Although there are some pretty sophisticated things happening in the rest of the van, the layout looks familiar, with a front island 1.85m x 1.53m (6ft 1in x 5ft) bed, rear bathroom with kitchen and dinette in between. There’s plenty of room to move around though and the interior designer clearly opted for the square look, especially in the kitchen area. Sea-grey and white is the colour scheme of choice and the pseudo kitchen wall tile laminate certainly grabs attention. 

Throughout the van, the general storage is quite good, with plenty of overhead lockers, drawers and cupboards everywhere. That includes a full-height, shelved pantry fitted in between the kitchen bench and fridge. There are mains power points everywhere and USB charger points are conveniently located either side of the bed and lounge.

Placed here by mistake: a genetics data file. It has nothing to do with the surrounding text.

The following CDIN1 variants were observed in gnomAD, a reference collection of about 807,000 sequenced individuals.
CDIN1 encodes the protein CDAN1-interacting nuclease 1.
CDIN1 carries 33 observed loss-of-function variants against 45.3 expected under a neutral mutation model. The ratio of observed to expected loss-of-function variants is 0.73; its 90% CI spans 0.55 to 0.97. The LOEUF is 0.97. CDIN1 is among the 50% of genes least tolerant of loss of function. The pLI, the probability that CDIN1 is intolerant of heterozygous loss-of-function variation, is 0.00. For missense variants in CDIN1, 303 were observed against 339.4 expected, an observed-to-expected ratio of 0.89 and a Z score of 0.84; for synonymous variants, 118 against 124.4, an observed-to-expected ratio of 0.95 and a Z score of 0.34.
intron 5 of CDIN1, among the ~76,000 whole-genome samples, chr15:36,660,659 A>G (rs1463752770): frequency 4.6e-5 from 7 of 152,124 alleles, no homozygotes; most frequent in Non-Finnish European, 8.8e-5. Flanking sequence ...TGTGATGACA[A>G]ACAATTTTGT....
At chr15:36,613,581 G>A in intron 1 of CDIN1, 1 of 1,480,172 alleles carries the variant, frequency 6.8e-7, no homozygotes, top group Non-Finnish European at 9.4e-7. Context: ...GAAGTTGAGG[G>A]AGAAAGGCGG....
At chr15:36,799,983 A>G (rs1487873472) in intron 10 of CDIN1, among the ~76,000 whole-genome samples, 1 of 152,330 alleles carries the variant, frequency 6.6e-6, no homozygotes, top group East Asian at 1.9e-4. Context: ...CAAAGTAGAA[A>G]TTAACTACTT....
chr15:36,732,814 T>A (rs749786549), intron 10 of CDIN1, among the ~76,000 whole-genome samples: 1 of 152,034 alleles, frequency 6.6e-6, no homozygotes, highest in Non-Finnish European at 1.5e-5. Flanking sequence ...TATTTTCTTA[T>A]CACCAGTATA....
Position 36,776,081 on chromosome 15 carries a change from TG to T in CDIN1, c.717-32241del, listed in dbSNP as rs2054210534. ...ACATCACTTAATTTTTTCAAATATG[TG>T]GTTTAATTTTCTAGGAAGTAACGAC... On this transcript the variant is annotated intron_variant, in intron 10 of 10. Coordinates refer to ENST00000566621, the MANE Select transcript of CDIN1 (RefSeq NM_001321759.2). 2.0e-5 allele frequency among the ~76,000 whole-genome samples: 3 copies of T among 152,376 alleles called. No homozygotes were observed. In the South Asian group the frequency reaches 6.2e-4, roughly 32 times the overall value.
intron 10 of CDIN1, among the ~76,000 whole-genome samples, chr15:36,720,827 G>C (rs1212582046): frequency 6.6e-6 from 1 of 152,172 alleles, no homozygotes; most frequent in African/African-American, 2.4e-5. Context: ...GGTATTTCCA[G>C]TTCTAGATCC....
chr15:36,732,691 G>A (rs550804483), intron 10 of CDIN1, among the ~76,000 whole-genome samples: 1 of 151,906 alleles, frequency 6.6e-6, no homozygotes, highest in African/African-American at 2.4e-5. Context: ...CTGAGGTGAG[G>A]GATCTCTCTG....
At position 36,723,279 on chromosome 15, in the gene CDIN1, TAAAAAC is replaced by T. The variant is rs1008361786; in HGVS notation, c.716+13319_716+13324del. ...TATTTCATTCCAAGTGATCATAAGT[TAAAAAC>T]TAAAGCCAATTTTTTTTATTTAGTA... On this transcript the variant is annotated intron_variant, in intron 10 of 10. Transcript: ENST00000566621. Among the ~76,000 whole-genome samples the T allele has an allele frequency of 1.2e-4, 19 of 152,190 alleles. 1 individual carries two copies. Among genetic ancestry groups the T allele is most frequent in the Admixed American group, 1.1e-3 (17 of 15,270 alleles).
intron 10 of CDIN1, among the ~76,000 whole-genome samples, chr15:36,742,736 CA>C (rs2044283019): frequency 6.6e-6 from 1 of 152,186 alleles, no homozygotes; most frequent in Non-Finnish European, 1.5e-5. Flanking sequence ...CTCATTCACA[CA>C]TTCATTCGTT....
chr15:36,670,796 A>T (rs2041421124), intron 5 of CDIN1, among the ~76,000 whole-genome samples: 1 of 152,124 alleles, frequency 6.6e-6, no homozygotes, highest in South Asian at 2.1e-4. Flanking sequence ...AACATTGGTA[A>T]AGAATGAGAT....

There’s no doubt that while a cafe-style dinette works well, a leather upholstered club lounge has a bit more class about it and two people can certainly sit around in comfort in this one. The Nuova Mapa table can be easily swivelled around to suit the occasion. 

ERV caravan kitchen interiorThe club couch is leather upholstered and generously sized

Across the way, the kitchen bench is well, if a little differently, appointed, and a large square sink and drainer will cope with any washing up duties required. Adjoining that, the Thetford induction hob replaces the more usual gas cooktop and instead of the microwave oven being located in the overhead locker area, it’s located in the cupboard space below. Being an all-electric van, the fridge is too — a Dometic 274L compressor model.